Kickstarter intrigues me when it comes to novels and comics projects. There are a lot of great projects on there, some of which blow their funding out of the water and others which fall well short. When they’re very successful, I can’t help but wonder if the creators wouldn’t have been better servered going through the standard publishing path in the first place.
Yet, sometimes the creators have turned to Kickstarter because the standard publishing path has failed them.
I really enjoyed the first book, so I was happy to back the project as soon as I heard about it.
In just a few days, Gischler has almost hit his goal, a very reasonable $3,000. He’s also sold out his $100 and $250 level rewards and one of his $500 rewards. Those higher rewards alone amount to $1750 for a book he hasn’t even written yet, which is in the neighborhood of the advances a certain defunct mass market paperback publisher offered.
And this is not an advance from a publisher making an investment, mind, but money from fans eager to read the book. Chances are he’s going to destroy his goal.
This is exactly the kind of project I’m talking about where, given the fan response, I don’t understand why a publisher hasn’t picked it up. Yet, as Gischler informs us in the project video, the publisher of the first Go-Go Girls of the Apocalypse was not interested. If Gischler smokes his goal, someone screwed up. Maybe the publisher underestimated fan response, or maybe they need to rethink how they determine a book’s success or failure.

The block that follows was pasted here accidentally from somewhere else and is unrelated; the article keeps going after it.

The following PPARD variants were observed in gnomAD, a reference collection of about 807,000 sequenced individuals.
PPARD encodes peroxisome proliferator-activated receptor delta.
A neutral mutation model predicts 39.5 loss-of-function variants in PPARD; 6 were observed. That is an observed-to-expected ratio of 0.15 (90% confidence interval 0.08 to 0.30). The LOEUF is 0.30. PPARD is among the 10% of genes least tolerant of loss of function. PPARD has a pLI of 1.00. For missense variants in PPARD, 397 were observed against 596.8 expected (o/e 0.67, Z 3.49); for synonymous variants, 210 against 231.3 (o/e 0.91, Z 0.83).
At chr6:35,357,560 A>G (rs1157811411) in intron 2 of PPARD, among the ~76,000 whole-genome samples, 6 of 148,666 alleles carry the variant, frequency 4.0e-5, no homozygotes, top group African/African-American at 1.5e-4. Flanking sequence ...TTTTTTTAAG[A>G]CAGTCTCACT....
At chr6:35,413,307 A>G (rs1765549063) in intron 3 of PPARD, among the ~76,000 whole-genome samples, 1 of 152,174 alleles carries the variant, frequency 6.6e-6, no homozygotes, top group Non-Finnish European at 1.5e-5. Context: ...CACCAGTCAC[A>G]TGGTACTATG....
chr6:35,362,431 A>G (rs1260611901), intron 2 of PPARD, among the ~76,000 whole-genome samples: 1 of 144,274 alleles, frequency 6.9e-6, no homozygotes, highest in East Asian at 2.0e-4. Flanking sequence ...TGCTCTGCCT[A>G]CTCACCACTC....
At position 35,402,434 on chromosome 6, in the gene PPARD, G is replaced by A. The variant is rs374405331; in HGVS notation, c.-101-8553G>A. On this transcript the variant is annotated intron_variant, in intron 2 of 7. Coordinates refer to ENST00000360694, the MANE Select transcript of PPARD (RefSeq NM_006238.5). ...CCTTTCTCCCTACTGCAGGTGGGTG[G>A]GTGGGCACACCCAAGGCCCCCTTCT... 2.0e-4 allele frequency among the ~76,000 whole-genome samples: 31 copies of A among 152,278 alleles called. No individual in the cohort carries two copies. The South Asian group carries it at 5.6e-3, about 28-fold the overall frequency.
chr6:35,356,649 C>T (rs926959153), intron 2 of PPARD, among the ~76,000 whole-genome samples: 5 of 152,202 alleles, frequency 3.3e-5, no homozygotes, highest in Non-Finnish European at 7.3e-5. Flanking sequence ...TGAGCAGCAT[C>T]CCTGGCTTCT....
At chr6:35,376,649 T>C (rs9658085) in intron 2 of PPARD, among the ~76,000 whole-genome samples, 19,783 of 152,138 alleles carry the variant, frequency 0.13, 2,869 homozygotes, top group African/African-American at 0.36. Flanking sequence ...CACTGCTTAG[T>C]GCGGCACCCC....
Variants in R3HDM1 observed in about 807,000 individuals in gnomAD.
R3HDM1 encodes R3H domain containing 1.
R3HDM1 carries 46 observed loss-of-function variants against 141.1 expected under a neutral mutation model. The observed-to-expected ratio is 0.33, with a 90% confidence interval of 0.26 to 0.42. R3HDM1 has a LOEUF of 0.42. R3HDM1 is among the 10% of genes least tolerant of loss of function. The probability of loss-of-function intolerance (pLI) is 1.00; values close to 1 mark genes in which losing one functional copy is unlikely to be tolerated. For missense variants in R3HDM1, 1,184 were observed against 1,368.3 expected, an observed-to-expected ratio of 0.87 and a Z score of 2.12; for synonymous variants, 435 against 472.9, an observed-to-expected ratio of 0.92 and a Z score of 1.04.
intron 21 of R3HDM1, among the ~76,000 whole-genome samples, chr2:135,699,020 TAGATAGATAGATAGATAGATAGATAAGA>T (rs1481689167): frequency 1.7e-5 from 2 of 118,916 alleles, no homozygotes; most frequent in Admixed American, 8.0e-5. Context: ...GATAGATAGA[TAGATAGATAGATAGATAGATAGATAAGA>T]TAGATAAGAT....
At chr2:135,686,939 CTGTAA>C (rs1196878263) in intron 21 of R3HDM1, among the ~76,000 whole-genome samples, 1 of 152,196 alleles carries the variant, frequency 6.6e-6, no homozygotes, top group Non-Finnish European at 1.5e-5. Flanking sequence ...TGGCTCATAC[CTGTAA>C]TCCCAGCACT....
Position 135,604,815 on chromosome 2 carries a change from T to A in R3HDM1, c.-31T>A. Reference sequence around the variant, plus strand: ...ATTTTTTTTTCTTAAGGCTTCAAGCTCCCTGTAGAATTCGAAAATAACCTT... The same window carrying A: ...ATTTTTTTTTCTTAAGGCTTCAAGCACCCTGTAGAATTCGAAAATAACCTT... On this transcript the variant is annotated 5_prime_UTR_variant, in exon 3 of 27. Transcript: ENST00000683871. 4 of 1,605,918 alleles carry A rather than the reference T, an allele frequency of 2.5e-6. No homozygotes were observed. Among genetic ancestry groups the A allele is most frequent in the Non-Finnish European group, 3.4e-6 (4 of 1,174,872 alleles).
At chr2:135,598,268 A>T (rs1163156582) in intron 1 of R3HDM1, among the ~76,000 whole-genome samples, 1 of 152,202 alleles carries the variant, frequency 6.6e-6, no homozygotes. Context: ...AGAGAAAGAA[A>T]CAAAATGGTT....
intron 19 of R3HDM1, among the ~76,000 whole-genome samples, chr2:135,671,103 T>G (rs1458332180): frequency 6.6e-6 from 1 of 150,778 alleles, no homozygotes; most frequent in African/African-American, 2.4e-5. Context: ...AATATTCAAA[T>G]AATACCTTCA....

At five bucks, backers get a copy of the book. At ten bucks, backers get their name in the special thanks at the back of the book. Either way, the sequel is cheaper than the Kindle edition of the first book. It’s win-win for Gischler and his fans, because now he can write the story the fans want and it has a shot at making some money.
And that, my friends, nails the real advantage of Kickstarter for writers: knowing a project is not a waste of time. Writing is a business, and if a full-time writer works on a book that’s already been rejected once (probably to the detriment of other paying work), there’s a good chance he’s going to have a tough time paying the bills. With a positive Kickstarter commitment, a writer can make a business decision to fit the project in with his other projects. If a campaign fails, the writer knows he should probably work on something else.
Now if only we could all decode what makes a Kickstarter campaign successful…